Hillary Clinton has big plans for solar power. Are they achievable?

Democratic presidential frontrunner Hillary Clinton rolled out an ambitious plan late Sunday to decarbonize the US power sector, the first of what her campaign says will be a series of energy and climate policy announcements.

Charlie Neibergall/AP
Democratic presidential candidate Hillary Rodham Clinton reacts as she is introduced to speak at a campaign event, Sunday, July 26, 2015, at Iowa State University in Ames, Iowa.

Hillary Clinton sees your plans for a clean-energy future and raises you a few hundred-million solar panels.

The Democratic presidential frontrunner rolled out an ambitious plan late Sunday to decarbonize the US power sector, the first of what her campaign says will be a series of energy and climate policy announcements.

Although light on details, Mrs. Clinton’s plan sets high targets for renewable energy deployment and goes further than energy policies put in place by President Obama – the first occupant of the Oval Office to take direct executive action on climate change. The plan is an attempt to fend off critics from the left who say the former secretary of state has been slow make climate a part of her campaign. It also puts Clinton in stark contrast to Republican candidates, the majority of whom either avoid discussing mainstream climate science or dismiss it outright.

“I’m just a grandmother with two eyes and a brain, and I know what’s happening in the world is going to have a big effect on my daughter, and especially on my granddaughter,” Clinton says in a video unveiling the climate plan. “It’s hard to believe there are people running for president who still refuse to accept the settled science of climate change – who would rather remind us ‘they’re not scientists’ than listen to those who are.”  

The US will install more than a billion solar panels by 2020, according to Clinton’s plan, raising total installed capacity from today’s 21 gigawatts to 140 gigawatts. That represents a 700 percent increase over four years. As Vox’s Brad Plumer points out, that’s a big number, but not entirely implausible. Between 2010 and 2014, solar capacity grew by 418 percent, according to the US Energy Information Administration.

The plan also calls for the US to generate enough renewables to power every US home by 2027. That equates roughly to generating a third of US electricity from wind, solar, and other renewable sources – up from 13 percent today. It also goes beyond the 25 percent of electricity generation from renewables that is projected to come with President Obama’s proposed Clean Power Plan. That plan, which would regulate carbon emissions from US power plants for the first time in the nation’s history, is being challenged in Congress and in court. If elected president, Clinton says she will defend the plan from its critics.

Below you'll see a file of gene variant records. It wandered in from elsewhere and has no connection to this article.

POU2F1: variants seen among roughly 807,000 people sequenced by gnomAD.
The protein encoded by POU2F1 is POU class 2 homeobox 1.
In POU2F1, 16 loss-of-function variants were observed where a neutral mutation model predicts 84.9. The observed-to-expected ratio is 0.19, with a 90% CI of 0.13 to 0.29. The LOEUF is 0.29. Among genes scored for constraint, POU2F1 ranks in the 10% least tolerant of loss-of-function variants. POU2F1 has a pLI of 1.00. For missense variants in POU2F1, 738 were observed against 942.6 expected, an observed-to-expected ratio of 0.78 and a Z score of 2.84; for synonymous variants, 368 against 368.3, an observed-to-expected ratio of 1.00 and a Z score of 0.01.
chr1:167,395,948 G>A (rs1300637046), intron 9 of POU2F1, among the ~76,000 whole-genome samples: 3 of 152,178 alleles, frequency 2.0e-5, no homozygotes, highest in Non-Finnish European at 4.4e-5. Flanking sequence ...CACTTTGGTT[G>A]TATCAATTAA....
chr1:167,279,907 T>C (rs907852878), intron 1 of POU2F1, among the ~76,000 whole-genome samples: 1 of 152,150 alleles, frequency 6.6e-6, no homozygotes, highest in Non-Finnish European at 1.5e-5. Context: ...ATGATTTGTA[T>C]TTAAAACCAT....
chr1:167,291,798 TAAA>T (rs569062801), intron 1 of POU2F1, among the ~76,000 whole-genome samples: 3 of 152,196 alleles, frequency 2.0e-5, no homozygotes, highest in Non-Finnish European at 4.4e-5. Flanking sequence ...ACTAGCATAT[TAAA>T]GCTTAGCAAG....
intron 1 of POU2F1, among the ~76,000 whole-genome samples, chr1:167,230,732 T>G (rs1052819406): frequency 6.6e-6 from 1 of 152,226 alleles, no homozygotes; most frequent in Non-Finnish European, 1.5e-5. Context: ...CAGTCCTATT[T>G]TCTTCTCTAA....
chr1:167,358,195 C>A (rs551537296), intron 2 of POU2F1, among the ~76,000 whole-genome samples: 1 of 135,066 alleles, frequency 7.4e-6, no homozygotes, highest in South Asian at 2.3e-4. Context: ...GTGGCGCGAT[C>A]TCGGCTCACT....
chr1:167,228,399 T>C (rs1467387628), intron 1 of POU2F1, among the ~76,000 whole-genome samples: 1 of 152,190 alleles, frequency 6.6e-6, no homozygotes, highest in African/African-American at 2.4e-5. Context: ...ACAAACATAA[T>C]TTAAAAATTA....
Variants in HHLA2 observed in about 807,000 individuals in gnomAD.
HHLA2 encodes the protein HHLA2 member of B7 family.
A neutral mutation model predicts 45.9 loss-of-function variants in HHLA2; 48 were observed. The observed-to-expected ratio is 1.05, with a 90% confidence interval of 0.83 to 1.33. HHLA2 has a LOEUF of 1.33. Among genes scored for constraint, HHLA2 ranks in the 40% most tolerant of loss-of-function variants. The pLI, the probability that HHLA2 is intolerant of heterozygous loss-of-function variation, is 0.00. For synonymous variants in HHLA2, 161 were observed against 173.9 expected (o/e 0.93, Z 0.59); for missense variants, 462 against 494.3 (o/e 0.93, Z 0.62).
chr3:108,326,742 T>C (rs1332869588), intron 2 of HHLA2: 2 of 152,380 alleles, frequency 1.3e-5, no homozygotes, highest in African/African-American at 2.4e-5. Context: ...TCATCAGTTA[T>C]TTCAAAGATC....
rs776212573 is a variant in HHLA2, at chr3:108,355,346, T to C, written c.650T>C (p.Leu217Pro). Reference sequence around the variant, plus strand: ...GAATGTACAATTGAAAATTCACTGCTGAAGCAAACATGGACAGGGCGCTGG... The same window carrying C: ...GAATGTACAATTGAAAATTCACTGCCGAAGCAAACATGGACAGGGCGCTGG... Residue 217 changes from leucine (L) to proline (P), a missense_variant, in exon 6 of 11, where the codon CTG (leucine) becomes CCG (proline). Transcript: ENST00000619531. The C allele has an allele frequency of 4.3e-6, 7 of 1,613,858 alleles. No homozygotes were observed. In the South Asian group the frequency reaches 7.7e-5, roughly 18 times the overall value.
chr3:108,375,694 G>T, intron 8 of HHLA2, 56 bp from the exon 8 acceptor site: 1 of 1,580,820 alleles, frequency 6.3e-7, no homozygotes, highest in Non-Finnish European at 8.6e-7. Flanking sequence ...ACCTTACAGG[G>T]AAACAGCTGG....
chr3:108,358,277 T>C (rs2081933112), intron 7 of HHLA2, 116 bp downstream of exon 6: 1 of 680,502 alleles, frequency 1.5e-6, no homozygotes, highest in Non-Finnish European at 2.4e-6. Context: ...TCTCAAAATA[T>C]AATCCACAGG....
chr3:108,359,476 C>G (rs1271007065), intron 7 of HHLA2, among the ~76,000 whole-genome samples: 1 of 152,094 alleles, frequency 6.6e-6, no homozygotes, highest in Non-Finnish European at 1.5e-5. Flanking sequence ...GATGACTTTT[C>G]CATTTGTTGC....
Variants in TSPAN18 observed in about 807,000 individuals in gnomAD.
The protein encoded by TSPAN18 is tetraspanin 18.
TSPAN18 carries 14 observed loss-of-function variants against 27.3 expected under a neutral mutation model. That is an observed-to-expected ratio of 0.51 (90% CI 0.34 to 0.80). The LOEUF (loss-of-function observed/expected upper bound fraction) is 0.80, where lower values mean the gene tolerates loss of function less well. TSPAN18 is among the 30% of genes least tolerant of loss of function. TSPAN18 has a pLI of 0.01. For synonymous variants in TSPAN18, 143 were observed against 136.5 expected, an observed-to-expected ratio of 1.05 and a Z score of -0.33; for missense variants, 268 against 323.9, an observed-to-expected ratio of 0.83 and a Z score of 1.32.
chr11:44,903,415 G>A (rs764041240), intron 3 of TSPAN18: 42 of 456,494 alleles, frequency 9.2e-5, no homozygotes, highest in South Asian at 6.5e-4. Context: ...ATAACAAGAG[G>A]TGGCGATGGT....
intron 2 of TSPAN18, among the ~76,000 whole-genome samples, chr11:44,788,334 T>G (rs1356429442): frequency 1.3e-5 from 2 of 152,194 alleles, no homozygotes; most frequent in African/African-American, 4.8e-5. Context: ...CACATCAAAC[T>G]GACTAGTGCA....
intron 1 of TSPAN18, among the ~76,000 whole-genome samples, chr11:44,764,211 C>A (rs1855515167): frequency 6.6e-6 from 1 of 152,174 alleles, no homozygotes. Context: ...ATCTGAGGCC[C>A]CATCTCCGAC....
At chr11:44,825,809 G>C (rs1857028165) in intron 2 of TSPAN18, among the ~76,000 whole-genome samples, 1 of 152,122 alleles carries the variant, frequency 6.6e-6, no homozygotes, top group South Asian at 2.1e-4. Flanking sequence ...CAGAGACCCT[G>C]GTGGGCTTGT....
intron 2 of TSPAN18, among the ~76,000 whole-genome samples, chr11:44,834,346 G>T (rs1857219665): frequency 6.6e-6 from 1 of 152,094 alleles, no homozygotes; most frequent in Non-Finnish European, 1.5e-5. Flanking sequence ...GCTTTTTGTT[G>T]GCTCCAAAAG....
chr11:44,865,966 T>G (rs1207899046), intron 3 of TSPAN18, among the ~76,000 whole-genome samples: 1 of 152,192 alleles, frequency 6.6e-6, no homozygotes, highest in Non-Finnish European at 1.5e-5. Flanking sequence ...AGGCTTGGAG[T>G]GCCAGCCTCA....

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“The Clean Power Plan is a crucial tool in our national strategy to reduce carbon pollution, level the playing field for and increase the deployment of renewable energy, and build a clean energy future,” the campaign’s fact sheet reads. “But smart federal standards set the floor, not the ceiling. We can and must go further.”

Deep-pocketed environmentalist donors are expected to play a large role in this election cycle. Billionaire investor and climate activist Tom Steyer has urged presidential candidates to adopt a target of generating half of US power from carbon-free sources by 2030. Clinton’s plan would bring her platform in line with that target or potentially exceed it, assuming nuclear generation remains flat or even grows.

The plan is expected to cost around $60 billion, according to a campaign spokesman, to be offset by eliminating tax breaks for the oil and gas industry. 

The question, then, is whether or not Clinton’s vision is both technically feasible and politically viable. Most analysts suggest that a significant decarbonization of US energy supply over the coming decades would be challenging, but certainly within the realm of possibility. The technology for carbon-free power generation already exists – it’s a matter of deploying those technologies and ensuring they work in harmony to create a stable grid.

Indeed, “it is technically feasible to achieve an 80% greenhouse gas reduction below 1990 levels by 2050 in the United States,” according to a joint study released last fall by the consultancy Energy and Environmental Economics, Lawrence Berkeley National Lab, and Pacific Northwest National Laboratory. The study outlines several different pathways to meet that target that rely on different generation mixes and estimates the incremental cost of such an endeavor to be less than 1 percent of US GDP.

It’s harder to say whether or not such a plan is politically viable. Cap-and-trade bills that would put a price on carbon have been largely a non-starter in Congress, and executive actions are vulnerable to legal and Congressional challenges. But there are some signs that public support for climate policies is growing, which could shift how presidential candidates view the issue. Forty-six percent of Americans say that global warming is a serious problem, according to a June survey by Pew Research Center. That’s an increase of 13 percentage points from spring of 2013.  

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